This report looks at the influence of Montréal baby boomers on the real estate market, comparing data from 2006 and 2016. The boomers are divided into four cohorts, by their age in 2016, as follows:
- 1 (65 – 69 years old)
- 2 (60 – 64 years old)
- 3 (55 – 59 years old)
- 4 (50 – 54 years old)
Overall, over time, baby boomers have tended to own rather than rent. Still, it is often put forth that many baby boomers, as they get older, sell their property in order to return to the rental market. Trends in the proportion of renters in 2006 compared to the proportion in 2016 were as follows:
- In cohort 1, the proportion of renters increased by only 0.3 percentage points.
- In cohorts 2, 3 and 4, the proportion of renters decreased by 1.1, 2.2, and 4.8 percentage points, respectively.
As a result, boomers have not significantly supported demand for rental housing in recent years.
Among baby boomers who were homeowners, the proportion owning freeholds was highest. However, this decreased by about 6 percentage points for all cohorts from 2006 to 2016, to reach 79.9%, for cohort 1, and 86.1%, for cohort 4. A small proportion of baby boomers, as they got older, sold their home in order to buy a condominium. This may have stimulated demand for this housing type.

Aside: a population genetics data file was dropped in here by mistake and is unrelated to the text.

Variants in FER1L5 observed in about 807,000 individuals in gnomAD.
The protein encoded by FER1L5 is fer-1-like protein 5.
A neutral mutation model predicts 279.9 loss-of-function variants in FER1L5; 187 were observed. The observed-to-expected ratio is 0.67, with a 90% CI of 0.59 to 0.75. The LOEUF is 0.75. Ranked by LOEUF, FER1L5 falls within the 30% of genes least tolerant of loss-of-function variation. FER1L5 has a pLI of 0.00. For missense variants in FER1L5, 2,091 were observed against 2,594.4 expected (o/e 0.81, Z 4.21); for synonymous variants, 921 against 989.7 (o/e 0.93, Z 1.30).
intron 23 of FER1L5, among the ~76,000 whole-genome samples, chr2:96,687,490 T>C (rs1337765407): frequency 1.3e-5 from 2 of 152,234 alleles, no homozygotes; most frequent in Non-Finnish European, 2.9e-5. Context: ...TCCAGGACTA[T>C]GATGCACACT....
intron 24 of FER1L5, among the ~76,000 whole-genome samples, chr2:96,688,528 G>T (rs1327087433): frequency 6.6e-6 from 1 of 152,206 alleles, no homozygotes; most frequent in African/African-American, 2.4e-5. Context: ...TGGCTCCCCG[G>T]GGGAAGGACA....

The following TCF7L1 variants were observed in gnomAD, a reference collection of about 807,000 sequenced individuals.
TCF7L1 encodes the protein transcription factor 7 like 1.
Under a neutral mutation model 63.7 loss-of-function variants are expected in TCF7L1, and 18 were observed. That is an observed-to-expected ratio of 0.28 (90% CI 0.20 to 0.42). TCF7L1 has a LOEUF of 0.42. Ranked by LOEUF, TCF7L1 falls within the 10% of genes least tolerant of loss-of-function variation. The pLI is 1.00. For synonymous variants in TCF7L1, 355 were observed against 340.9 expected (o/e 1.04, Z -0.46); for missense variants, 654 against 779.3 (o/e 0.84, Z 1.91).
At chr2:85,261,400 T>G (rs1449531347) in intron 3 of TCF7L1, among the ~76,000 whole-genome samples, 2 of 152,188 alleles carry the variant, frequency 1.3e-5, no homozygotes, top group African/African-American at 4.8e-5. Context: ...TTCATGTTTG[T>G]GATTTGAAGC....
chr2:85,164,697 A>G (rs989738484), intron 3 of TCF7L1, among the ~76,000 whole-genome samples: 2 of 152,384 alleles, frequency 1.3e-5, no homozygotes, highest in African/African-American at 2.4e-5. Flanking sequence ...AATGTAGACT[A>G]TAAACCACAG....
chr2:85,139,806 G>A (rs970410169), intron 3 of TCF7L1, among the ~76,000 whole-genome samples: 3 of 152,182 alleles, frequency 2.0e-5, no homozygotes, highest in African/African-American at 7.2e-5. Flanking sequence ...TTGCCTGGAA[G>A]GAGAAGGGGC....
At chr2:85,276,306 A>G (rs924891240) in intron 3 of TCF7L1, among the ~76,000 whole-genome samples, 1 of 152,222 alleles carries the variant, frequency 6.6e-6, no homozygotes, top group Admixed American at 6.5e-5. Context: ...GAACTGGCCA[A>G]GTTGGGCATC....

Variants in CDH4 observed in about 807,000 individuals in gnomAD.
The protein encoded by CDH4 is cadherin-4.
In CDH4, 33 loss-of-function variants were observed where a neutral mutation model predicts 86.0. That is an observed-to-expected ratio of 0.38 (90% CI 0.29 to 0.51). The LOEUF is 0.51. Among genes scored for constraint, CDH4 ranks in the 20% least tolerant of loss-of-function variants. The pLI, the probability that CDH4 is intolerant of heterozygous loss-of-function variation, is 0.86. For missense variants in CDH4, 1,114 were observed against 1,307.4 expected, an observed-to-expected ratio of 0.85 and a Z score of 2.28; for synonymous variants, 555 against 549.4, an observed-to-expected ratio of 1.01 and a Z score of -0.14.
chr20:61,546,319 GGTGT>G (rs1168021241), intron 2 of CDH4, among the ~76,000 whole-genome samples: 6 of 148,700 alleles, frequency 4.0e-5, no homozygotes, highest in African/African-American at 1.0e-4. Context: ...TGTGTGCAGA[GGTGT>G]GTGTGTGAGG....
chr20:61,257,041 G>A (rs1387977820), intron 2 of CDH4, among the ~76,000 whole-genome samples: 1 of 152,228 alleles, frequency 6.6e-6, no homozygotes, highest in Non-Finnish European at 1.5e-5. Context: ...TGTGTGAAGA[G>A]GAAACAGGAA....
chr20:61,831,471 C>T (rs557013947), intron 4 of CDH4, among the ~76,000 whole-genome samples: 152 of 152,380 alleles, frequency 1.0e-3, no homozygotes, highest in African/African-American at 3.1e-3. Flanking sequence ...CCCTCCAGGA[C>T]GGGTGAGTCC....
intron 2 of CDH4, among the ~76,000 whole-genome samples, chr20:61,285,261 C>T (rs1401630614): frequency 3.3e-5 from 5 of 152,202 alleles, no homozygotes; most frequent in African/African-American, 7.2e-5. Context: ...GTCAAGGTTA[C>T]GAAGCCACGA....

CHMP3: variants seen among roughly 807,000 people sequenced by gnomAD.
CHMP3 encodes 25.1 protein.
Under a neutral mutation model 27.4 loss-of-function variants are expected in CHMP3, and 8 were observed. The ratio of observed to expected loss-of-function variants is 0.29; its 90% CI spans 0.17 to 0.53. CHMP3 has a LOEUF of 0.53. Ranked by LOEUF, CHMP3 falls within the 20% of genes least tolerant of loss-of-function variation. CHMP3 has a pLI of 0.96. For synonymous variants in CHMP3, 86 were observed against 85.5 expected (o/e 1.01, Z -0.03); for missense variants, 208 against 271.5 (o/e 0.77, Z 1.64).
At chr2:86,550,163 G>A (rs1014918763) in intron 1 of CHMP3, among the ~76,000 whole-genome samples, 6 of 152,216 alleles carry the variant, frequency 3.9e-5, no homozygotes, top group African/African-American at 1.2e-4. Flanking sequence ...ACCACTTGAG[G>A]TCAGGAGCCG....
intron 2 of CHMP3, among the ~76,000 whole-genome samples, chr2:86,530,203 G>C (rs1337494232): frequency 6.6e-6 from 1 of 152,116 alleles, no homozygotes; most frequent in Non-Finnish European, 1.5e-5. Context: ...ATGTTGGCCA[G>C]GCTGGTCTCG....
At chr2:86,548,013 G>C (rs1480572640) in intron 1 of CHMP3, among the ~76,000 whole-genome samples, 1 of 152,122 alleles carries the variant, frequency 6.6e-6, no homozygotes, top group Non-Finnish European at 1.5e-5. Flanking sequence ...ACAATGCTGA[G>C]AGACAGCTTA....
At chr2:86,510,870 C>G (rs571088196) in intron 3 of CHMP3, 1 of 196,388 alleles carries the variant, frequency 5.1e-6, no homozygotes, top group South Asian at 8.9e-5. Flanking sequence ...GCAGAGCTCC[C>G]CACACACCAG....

The proportion of baby boomers who, as they got older, opted for a smaller home seems relatively low for the moment. This phenomenon was slightly more marked among baby boomers who owned larger homes (8 rooms or more). This suggests that the size of less spacious homes already adequately (or better) meets their needs.
Few baby boomer households left the Montréal suburbs to settle on the Island of Montréal in 2016. Baby boomers from the suburbs therefore had little impact on demand for rental apartments and condominiums on the Island of Montréal.